Feeling SAD? How to Know if You Have Seasonal Affective Disorder

By Jenny Everett, SELF magazine

As the weather turns cold and gray and those outdoor happy hours are officially over, it's normal to feel a bit blue. It's dark when you get home from work and you just feel blah.

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For most of us, this dull sadness is just a passing feeling. However, for about 20 percent of people, seasonal depression is serious enough to warrant an official diagnosis: Seasonal Affective Disorder (a.k.a. SAD).

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According to experts at the Mayo Clinic, you may have SAD if any of the following symptoms come and go at the same time each year:

  • Depression
  • Hopelessness
  • Anxiety
  • Loss of energy
  • Social withdrawal
  • Oversleeping
  • Loss of interest in activities you once enjoyed
  • Appetite changes, especially craving for foods high in carbohydrates
  • Weight gain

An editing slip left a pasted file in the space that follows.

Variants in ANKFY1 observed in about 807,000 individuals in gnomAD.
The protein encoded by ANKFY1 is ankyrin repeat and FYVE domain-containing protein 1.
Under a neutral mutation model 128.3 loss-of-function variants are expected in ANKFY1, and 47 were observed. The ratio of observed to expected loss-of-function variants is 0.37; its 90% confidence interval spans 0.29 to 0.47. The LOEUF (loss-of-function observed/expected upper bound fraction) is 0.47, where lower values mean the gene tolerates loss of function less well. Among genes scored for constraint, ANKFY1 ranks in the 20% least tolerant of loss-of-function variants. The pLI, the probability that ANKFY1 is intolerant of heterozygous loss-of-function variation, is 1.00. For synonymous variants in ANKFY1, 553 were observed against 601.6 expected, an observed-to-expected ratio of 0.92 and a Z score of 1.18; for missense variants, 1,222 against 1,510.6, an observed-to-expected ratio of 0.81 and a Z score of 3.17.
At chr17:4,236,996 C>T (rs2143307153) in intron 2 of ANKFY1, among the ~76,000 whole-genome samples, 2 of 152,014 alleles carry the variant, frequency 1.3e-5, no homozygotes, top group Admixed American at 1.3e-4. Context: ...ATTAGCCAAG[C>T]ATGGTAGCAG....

• Difficulty concentrating and processing information

If these symptoms start interfering with your work or your ability to go about your day, it's important to seek help from a mental health professional.

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According to Jacob Teitelbaum, M.D., a sleep and fatigue expert and author of From Fatigued to Fantastic!, serotonin deficiency has been suggested as a possible cause of SAD. Anti-depressants may help raise serotonin levels in some cases, but for others, beating the blues may be a matter of simply exposing yourself to more light throughout the day.

Teitelbaum recommends placing a 10,000-lux light box (here's a good one) at a 45-degree angle to your face, about 18 inches away. Spend 30 to 45 minutes in front of the box every morning from September through May. And, in general, turn it on anytime you feel like you could use a light "fix." Imagine you're on the beach, taking the day off, feeling warm and sun-kissed.

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If you have trouble waking up in the morning, attach a bright-light bedside table lamp to a timer and program it to turn on two hours before your alarm, Teitelbaum suggests.
Do you get the winter blues? How do you lift your spirits?

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Photo Credit: WWD